1. A patent is a bundle of rights, which may be divided and assigned or retained in whole or in part, the owner of a patent enjoys exclusive rights to exclude others from exploiting the patented invention. The exclusive rights has two main application in practice i.e. Protection against infringement and possibility of assigning or licensing the right in part or in whole. A patent right may, which relates to any products, be exploited as follows-

1. To make the product,

2. To use the product,

3. To sell the products,

To authorize others to do the above acts in whole or in part.

Where an invention is patented which contain process, the owner enjoys the following rights-

1. To use products directly obtained through the process

2. To make the product directly obtained through the process,

3. To the sell the product directly obtained through the process,

To the authorize the product directly obtained through the process,

The term limited in every patent for duration thereof shall, save as expressly provided by this Act, a patent shall be dated and sealed from the date of its application. Notwithstanding anything contained therein or in this Act, a patent shall cease if the patentee fails to pay the prescribed fees within prescribed times. A patentee may present petition to the Government praying that his patent may be extended for a further term; but such petition must be left at the Department of patents, designs and trademarks at least 6 months before the limited for expiration of the patent and must be accompanied by prescribed fees and must be advertised by the patentee within the prescribed time and in the prescribed manner. Any person may give notice to the Registrar of the objection to the extension. The government may dispose the petition for extension itself or refer it to High Court Division for its disposal. The Government or the High Court Division, after considering the nature and merits of the invention in relation to the public, the profits made on the patent and to all circumstances of the case, if it appears that the patent has not been sufficiently remunerative, it may by order extend the term or grant a new patent, the term extended for a further period shall not exceed 5 years or in extended case 10 years, the Government or the high Court Division may by order grant the new condition as it thinks fit .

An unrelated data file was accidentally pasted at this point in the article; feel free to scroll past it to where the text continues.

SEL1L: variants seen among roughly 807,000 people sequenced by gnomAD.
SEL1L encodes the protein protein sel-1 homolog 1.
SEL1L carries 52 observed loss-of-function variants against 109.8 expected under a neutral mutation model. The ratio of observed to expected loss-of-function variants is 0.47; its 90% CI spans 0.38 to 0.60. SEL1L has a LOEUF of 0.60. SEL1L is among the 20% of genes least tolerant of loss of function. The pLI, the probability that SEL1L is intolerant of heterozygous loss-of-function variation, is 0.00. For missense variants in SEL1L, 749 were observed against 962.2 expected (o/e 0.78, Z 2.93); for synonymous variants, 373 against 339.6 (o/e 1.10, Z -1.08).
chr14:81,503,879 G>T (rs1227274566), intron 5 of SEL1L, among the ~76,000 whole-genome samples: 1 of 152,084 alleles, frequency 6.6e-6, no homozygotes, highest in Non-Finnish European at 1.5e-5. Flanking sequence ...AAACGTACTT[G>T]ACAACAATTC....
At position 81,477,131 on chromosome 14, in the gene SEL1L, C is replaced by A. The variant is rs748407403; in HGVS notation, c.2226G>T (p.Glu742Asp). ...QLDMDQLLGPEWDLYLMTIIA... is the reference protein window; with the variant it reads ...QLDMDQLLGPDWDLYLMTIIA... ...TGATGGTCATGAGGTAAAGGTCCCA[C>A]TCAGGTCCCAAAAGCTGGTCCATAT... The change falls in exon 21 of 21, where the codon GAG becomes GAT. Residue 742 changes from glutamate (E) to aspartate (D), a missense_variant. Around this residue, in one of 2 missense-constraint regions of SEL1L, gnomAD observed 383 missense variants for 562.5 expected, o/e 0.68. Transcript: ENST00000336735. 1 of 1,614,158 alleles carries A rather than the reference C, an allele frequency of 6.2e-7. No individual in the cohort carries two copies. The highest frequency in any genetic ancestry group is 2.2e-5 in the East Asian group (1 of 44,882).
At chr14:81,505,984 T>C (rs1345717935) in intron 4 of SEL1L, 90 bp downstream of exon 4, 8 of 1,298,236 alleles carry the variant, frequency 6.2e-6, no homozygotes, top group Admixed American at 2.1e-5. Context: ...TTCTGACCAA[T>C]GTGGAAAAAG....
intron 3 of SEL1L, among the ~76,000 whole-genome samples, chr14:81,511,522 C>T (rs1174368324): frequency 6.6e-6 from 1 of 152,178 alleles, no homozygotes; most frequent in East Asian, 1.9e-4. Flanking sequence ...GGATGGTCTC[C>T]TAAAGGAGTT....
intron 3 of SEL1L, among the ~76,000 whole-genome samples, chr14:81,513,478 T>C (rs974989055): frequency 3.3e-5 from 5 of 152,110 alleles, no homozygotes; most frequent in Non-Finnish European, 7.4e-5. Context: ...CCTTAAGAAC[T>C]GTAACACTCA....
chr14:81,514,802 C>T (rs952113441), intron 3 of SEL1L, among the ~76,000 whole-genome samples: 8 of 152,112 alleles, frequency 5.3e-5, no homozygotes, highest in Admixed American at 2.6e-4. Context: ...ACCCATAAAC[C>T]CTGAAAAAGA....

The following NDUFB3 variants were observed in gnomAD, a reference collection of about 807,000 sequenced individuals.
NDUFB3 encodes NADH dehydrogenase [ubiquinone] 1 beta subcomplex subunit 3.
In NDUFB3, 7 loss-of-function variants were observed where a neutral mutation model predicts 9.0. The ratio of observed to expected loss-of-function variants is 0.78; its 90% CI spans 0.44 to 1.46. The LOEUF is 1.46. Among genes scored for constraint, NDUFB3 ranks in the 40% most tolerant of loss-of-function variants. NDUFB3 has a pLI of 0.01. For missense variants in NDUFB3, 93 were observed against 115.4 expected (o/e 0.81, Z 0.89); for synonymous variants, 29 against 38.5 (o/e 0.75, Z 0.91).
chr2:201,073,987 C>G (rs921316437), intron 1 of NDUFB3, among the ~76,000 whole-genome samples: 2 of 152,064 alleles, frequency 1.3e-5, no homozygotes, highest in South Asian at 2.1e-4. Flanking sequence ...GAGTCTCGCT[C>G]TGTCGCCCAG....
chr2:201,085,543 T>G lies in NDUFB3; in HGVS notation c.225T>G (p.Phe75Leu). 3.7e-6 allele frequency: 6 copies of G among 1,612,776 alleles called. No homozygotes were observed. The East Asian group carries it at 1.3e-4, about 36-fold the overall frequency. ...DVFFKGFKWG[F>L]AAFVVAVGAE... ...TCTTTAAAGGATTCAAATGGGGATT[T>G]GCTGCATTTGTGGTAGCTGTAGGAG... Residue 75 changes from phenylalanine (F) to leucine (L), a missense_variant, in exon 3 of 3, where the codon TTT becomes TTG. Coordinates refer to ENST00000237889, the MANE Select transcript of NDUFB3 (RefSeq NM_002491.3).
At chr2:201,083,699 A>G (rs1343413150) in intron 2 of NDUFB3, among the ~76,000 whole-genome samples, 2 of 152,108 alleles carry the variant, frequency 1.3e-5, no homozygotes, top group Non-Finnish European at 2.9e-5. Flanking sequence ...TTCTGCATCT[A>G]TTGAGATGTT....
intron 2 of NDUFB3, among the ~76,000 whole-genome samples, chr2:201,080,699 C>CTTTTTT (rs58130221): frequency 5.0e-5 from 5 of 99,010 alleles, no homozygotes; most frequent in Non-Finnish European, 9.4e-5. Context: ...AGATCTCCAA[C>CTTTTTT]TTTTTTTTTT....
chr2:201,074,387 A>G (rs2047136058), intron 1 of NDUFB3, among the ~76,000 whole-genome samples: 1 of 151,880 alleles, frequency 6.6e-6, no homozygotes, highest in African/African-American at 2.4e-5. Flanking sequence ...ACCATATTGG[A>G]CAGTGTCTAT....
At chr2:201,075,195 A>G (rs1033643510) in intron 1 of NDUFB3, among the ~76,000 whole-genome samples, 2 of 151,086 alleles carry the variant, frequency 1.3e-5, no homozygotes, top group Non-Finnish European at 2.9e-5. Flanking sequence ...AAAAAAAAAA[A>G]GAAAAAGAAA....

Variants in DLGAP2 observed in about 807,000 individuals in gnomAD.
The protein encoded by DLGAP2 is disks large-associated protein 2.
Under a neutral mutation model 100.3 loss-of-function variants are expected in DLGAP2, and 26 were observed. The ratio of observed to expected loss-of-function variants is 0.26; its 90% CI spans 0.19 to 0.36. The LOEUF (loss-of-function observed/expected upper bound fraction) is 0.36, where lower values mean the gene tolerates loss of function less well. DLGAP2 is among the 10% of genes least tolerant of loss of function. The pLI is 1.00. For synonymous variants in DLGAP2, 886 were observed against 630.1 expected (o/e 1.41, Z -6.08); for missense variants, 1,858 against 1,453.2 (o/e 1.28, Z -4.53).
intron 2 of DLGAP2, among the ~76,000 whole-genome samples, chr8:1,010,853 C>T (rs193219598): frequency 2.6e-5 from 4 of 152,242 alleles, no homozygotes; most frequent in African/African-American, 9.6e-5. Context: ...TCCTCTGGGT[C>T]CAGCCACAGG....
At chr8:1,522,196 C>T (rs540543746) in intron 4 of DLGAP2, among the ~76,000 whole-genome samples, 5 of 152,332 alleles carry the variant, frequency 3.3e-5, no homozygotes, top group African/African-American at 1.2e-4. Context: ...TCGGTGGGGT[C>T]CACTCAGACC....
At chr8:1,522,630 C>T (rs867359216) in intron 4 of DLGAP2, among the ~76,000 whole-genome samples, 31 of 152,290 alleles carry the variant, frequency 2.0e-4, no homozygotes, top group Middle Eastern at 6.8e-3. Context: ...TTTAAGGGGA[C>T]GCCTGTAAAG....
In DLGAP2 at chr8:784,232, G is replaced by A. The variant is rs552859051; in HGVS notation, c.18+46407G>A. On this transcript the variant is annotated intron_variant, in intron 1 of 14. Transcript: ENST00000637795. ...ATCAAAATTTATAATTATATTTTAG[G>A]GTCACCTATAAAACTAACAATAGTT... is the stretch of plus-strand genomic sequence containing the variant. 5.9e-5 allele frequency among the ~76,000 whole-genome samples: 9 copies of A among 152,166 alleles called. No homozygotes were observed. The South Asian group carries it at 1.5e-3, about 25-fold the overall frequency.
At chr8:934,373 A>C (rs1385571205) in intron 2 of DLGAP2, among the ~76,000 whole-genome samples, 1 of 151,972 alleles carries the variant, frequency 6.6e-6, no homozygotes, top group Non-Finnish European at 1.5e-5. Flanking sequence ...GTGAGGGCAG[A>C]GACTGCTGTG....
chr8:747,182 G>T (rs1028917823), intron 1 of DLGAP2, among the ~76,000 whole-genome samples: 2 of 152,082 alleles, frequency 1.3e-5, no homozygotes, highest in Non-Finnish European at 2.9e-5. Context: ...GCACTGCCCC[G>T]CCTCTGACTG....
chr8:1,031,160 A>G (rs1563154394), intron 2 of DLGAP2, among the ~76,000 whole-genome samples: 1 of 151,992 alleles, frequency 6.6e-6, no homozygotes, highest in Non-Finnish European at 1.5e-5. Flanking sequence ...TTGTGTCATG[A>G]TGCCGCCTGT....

Where any patent has ceased owing to the failure of the patentee to pay any prescribed fees within the prescribed time, the patentee may apply to the Registered in the prescribed manner for an order for the restoration of the patent. Section 12 confers exclusive rights to the patentee that he may make, use, sell or authorize others so to do, where a patent is granted to the two or more persons each of these persons shall be, in absence to a contract to the country, entitled to the equal rights in the patent, but none of them shall be entitled to assign or license his share in the patent without the consent of the other co-owner